Create a Succulent Seascape Rock Garden
By: Jessie Keith
Well-chosen and placed succulents in picturesque rock gardens can have an underwater, seafloor appeal. The design key is selecting various dryland treasures with anemone-, coral-, and urchin-like forms and textures in shades of blue green, silver, gold and red. When arranged against a setting of bold rocks, lined with a ripple of pebbles and seashells, the effect is cool and inviting.
I created such a garden at my Delaware home to complement a stone and pebble patio being built along the south-facing wall of my 1920s Cape Cod house. The bed was constructed in four steps, and the plants were selected for their seascape appearance.
Most of the hardy succulents I chose for the project were purchased from the online nursery, Mountain Crest Gardens. Not only do they sell lots of hardy hens & chicks (Sempervivum spp.) and stonecrops (Sedum spp.), but they also offer hardy cacti (my favorite for spectacular spring flowers). And their succulents arrive thriving and ready to plant.
Rock Garden Materials
My rock garden required the following materials:
- Sharp spade
- Large plastic tub
- Thick garden gloves
- Large rocks (my garden is 4’ x 5’ and required 10 rocks)
- Black Gold Garden Compost Blend and Black Gold Cactus Mix to amend the garden’s soil
- Pebbles and shells for topdressing
- Slow-release fertilizer
Bed Design and Construction
- Sod and Soil Removal: The first step to preparing my garden was to remove the sod. Thankfully, my soil is high in organic matter, so removing the top layer of grass was relatively easy. I then skimmed a 2-inch layer of natural soil from the new bed layer to use as fill. I put the sod in a wheelbarrow for removal and the fill dirt in a plastic tub to keep the area tidy.
- Rock Placement: Then I placed my rocks. The natural dark grey and tan stones I chose are prevalent in my area, so they were a good fit for my yard. They also offered a pleasing color contrast to the plants and pebble. I set the largest rocks high against the concrete and stone base of my home for maximum visual appeal and gradually layered the smaller rocks down to patio level. I placed them close together at the top for a tight fit, so they would hold soil without erosion.
- Filling: Once my stones were in place, I mixed a liberal amount of Black Gold Cactus Mix and Garden Compost Blend into my fill. The final fill was pebbly and organic for excellent drainage and good water-holding ability. Then I filled in all the gaps between rocks, leaving enough space for my plantings.
- Plant Placement: Finally, I placed my plants, arranging them based on height, texture, and color, and prepared to plant.
Aside from making sure that my plant selections would survive Delaware winters (USDA Hardiness Zone 7), I made sure they met a suite of aesthetic requirements. I chose a few taller textural plants, several cascading stonecrops, and other selections that were mounding and prickly. All are remarkably drought tolerant and tough, able to take the high heat and sun of the garden. My plant picks included:
– Hybrid Prickly Pear (Opuntia ‘Coombe’s Winter Glow’, Zones 5-10). This hardy cactus has smooth paddles that lack the large spines of most, but beware those small spines! It has spectacular magenta blooms in late spring, and its paddles turn shades of rosy purple in winter.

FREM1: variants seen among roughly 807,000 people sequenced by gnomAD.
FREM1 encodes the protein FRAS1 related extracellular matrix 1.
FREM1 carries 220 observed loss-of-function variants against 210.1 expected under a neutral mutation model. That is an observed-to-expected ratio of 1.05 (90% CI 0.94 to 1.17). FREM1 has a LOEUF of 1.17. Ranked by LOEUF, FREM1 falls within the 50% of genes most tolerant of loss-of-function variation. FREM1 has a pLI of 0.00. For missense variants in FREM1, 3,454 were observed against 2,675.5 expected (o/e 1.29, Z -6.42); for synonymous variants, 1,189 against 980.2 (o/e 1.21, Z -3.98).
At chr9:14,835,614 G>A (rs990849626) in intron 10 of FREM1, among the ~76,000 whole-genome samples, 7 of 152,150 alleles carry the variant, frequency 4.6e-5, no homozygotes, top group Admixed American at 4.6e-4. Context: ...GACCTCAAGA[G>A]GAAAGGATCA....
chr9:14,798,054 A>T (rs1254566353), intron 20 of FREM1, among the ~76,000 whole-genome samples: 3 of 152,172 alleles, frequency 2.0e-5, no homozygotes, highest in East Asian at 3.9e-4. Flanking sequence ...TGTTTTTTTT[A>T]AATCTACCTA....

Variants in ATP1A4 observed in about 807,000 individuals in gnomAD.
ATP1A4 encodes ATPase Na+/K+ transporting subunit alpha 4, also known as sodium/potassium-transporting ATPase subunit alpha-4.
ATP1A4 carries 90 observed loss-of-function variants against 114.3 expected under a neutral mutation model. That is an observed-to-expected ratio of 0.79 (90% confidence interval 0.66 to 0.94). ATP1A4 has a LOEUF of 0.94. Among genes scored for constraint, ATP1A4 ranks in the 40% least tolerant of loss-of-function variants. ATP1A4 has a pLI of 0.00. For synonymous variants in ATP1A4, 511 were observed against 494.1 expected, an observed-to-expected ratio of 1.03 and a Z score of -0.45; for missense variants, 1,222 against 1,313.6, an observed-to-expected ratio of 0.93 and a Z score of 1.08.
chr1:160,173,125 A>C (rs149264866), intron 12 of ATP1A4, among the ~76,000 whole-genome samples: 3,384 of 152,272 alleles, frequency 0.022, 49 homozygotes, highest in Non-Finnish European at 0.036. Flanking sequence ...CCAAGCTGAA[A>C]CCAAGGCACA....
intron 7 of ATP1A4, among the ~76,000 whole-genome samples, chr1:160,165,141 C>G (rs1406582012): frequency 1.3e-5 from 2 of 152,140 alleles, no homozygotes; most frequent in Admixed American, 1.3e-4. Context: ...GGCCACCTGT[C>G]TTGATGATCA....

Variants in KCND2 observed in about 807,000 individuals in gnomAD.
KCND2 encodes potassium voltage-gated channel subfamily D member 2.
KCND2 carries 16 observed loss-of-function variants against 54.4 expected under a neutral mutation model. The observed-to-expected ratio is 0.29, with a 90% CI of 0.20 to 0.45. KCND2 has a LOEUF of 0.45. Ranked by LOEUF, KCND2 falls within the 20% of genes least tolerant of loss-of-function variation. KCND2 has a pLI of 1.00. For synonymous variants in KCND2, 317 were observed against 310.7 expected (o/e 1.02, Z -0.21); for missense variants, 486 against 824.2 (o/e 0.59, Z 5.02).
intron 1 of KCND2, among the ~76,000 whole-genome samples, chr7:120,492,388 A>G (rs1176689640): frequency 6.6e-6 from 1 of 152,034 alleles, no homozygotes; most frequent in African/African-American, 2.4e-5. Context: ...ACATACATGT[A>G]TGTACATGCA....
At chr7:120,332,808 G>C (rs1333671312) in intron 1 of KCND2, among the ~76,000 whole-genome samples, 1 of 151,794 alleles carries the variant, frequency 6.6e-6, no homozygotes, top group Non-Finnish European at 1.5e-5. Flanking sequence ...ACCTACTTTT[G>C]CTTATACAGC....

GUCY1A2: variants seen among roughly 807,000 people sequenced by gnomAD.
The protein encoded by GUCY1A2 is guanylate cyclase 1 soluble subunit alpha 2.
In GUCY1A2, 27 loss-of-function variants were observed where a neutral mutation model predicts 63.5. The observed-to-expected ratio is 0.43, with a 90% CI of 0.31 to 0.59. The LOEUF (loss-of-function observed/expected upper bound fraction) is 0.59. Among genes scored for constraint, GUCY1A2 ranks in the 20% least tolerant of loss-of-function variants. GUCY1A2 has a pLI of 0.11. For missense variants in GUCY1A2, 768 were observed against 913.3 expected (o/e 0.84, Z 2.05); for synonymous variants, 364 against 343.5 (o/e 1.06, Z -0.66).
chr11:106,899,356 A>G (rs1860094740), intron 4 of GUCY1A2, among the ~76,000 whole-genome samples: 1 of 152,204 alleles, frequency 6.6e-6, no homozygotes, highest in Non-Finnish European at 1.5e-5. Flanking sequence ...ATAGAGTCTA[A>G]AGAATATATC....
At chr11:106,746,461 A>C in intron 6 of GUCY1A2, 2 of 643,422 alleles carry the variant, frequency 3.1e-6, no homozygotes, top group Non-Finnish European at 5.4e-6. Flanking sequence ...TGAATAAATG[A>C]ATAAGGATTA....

– Rosularia (Rosularia platyphylla, Zones 5-10): This spreading succulent looks like a tiny hens & chicks and creates a mat of sea-green rosettes.
– Hens & Chicks (Sempervivum ‘Bronco’, Zones 5-10): This large hens & chicks has red and green rosettes that turn rich red in winter.
– Hens & Chicks (Sempervivum ‘Thunder‘, Zones 5-10): The summer rosettes of this larger hens & chicks are grey-green tinted with lavender. In winter, they turn shades of deep lavender and rose.
– Cobweb Hens & Chicks (Sempervivum arachnoideum ‘Pittonii’, Zones 5-8): This small hens & chicks has cobwebbed gray-green rosettes edged in dark purple.
– Hens & Chicks (Sempervivum calcareum ‘Greenii’, Zones 5-10): The medium-sized, blue-green rosettes of this sedum have maroon tips.
– Tiny Buttons Stonecrop (Sedum hispanicum ‘Blue Carpet’, Zones 5-9): This low, spreading sedum has tiny buttons of blue-grey foliage.
– Hybrid Stonecrop (Sedum SUNSPARKLER® Dazzleberry, Zones 4-9): Purplish leaves and summer-long flowers of deep rose make this a winning sedum.
– Hybrid Stonecrop (Sedum SUNSPARKLER® Jade Tuffet, Zones 4-9): This small, upright sedum has slender, dark green leaves and summer-long pink flowers.
– Chinese Stonecrop (Sedum tetractinum ‘Coral Reef’, Zones 5-9): This pretty sedum has yellow spring flowers and bright green leaves that turn pinkish with age.
– Adam’s Needle (Yucca filamentosa ‘Color Guard’, Zones 5-10): The gold-striped leaves of this 18-inch yucca are bright and bold.
I put on my garden gloves and started planting the largest plants at the top, then moved down. During planting, I gently loosened the roots of any pot-bound plants, and dug a hole just big enough to ensure each plant’s roots were just at soil level. Then I sprinkled a small amount of slow-release fertilizer into each hole before planting. Once all of the plants were in the ground, I covered the soil with light pebbles and placed seashells here are there for a complete seascape look.
Within just a couple of months, my new garden started to take shape. The prickly pear put on new pads, the stonecrops and hens & chicks started to spread, and the SUNSPARKLERS began blooming beautifully. Come next summer, the full seascape effect should be in full sway, adding sunny, succulent interest to my new patio!
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